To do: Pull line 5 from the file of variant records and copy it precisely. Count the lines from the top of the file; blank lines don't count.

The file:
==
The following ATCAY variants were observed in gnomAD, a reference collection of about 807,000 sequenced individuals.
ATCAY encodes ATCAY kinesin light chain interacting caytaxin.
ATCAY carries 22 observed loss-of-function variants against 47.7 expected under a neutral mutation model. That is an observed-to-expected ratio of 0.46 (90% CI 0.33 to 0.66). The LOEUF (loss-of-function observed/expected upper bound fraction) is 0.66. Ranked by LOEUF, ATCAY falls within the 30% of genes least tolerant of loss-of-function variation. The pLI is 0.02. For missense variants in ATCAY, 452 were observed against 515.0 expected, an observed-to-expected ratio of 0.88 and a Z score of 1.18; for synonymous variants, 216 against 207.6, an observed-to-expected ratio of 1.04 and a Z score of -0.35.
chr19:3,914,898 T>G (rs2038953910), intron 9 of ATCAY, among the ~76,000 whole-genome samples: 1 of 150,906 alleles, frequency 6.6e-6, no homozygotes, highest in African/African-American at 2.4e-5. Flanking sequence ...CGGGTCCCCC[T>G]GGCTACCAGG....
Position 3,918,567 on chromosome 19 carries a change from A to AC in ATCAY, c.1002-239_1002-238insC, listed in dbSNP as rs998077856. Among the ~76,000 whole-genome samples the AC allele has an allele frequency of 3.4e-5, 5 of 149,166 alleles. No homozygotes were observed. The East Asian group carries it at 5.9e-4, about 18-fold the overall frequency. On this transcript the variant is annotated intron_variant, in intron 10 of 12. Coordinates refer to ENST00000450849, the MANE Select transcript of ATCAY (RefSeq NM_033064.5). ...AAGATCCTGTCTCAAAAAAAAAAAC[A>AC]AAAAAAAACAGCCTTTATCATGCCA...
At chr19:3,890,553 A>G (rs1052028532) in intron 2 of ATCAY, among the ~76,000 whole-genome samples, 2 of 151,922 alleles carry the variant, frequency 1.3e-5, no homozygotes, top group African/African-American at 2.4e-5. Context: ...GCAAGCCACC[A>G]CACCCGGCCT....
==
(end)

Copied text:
Position 3,918,567 on chromosome 19 carries a change from A to AC in ATCAY, c.1002-239_1002-238insC, listed in dbSNP as rs998077856. Among the ~76,000 whole-genome samples the AC allele has an allele frequency of 3.4e-5, 5 of 149,166 alleles. No homozygotes were observed. The East Asian group carries it at 5.9e-4, about 18-fold the overall frequency. On this transcript the variant is annotated intron_variant, in intron 10 of 12. Coordinates refer to ENST00000450849, the MANE Select transcript of ATCAY (RefSeq NM_033064.5). ...AAGATCCTGTCTCAAAAAAAAAAAC[A>AC]AAAAAAAACAGCCTTTATCATGCCA...